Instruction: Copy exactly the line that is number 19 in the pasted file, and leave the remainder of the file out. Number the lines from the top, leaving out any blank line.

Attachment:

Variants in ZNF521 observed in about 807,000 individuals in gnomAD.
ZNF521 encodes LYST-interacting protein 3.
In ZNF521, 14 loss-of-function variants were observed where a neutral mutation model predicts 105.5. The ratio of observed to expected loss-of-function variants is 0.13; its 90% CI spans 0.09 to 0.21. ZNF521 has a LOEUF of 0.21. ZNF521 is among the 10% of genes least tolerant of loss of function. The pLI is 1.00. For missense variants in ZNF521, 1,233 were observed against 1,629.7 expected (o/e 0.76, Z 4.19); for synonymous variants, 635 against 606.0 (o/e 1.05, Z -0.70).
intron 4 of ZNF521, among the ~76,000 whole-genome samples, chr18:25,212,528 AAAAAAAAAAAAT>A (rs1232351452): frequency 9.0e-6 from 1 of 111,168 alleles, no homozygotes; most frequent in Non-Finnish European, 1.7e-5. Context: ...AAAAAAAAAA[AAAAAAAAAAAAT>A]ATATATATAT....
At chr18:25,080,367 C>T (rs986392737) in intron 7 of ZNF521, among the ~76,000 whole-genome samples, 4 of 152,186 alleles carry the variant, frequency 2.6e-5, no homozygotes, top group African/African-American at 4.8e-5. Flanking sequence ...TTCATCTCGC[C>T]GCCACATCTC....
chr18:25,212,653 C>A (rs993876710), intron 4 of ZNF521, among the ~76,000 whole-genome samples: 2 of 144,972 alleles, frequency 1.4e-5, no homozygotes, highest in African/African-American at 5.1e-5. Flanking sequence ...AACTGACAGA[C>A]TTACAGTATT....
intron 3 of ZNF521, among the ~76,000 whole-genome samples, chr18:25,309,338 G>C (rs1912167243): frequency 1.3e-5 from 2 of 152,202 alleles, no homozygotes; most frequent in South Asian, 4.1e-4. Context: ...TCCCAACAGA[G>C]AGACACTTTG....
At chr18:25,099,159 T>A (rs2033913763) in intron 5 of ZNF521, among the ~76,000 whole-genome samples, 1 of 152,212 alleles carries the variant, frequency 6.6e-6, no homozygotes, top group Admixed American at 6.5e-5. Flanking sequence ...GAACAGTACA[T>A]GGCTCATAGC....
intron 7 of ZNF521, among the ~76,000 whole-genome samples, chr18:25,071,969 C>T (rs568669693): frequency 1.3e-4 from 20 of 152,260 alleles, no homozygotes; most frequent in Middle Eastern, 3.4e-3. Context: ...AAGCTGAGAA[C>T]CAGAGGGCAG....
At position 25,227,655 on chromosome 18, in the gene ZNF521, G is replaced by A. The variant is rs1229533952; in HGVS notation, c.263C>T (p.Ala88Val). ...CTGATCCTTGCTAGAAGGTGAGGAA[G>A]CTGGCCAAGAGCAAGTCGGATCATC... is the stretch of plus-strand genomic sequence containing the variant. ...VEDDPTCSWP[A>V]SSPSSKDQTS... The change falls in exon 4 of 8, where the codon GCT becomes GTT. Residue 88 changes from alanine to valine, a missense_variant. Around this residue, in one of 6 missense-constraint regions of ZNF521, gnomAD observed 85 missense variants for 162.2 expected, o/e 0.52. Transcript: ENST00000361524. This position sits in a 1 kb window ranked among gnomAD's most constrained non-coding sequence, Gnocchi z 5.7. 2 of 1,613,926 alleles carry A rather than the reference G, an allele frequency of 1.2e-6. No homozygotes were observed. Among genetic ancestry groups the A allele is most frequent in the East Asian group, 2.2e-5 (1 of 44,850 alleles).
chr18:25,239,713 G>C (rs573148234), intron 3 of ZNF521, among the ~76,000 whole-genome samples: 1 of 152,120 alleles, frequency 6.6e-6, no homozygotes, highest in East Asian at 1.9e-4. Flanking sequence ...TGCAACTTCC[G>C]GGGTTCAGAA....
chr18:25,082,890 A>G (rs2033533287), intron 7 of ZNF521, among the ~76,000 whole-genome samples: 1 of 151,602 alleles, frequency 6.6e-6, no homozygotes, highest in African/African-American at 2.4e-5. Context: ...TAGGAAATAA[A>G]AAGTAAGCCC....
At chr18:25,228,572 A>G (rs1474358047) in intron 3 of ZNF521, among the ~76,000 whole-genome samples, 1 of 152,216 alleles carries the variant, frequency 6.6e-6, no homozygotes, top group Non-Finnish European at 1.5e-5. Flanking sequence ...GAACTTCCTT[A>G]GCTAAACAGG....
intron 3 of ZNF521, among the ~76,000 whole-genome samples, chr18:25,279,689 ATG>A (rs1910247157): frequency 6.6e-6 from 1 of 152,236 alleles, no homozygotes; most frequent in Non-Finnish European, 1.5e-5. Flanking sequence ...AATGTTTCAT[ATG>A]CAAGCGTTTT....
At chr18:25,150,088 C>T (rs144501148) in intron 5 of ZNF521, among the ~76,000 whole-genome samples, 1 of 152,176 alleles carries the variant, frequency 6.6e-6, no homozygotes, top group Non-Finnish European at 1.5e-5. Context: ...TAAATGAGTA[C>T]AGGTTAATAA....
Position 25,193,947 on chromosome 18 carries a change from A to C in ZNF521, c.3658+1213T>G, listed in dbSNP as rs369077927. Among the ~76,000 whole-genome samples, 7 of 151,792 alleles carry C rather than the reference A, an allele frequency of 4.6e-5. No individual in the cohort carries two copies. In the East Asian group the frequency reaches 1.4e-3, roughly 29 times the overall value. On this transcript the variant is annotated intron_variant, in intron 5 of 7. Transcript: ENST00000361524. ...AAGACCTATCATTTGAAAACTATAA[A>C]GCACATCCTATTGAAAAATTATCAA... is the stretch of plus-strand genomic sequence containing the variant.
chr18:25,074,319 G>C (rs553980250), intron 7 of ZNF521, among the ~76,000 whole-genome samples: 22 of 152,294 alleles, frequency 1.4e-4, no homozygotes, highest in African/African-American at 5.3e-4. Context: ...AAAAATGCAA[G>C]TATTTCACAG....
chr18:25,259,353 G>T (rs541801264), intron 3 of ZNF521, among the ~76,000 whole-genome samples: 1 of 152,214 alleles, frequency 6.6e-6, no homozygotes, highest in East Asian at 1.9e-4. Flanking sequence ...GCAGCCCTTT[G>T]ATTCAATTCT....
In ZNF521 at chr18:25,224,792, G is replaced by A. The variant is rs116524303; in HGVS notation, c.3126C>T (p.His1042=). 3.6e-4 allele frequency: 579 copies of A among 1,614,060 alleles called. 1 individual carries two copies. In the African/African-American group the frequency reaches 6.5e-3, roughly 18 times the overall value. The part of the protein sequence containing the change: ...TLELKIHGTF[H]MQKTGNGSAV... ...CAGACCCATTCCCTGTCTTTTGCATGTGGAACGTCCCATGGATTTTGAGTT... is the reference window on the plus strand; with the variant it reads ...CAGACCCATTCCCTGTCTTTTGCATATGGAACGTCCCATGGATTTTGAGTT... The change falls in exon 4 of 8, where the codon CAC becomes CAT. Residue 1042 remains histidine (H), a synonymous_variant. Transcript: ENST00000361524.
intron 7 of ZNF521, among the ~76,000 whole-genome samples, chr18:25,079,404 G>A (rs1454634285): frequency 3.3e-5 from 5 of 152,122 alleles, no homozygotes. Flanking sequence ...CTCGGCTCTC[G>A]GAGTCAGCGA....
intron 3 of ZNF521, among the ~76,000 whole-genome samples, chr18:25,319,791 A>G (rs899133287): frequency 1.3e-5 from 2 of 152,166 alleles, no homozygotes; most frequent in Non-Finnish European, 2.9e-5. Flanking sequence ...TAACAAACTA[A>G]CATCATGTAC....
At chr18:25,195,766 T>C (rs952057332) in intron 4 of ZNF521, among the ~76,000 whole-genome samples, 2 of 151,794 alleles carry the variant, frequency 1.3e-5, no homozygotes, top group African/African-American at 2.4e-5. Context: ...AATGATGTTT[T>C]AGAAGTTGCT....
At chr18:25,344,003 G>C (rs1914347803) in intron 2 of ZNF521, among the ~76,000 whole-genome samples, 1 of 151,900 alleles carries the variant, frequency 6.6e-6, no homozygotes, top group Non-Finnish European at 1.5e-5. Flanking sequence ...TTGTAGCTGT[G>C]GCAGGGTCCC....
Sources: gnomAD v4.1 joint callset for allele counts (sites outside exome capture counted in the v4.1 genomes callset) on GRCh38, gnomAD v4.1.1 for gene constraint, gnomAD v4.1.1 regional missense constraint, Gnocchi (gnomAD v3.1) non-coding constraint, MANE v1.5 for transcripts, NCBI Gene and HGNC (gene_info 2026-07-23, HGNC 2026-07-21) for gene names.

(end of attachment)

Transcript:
In ZNF521 at chr18:25,224,792, G is replaced by A. The variant is rs116524303; in HGVS notation, c.3126C>T (p.His1042=). 3.6e-4 allele frequency: 579 copies of A among 1,614,060 alleles called. 1 individual carries two copies. In the African/African-American group the frequency reaches 6.5e-3, roughly 18 times the overall value. The part of the protein sequence containing the change: ...TLELKIHGTF[H]MQKTGNGSAV... ...CAGACCCATTCCCTGTCTTTTGCATGTGGAACGTCCCATGGATTTTGAGTT... is the reference window on the plus strand; with the variant it reads ...CAGACCCATTCCCTGTCTTTTGCATATGGAACGTCCCATGGATTTTGAGTT... The change falls in exon 4 of 8, where the codon CAC becomes CAT. Residue 1042 remains histidine (H), a synonymous_variant. Transcript: ENST00000361524.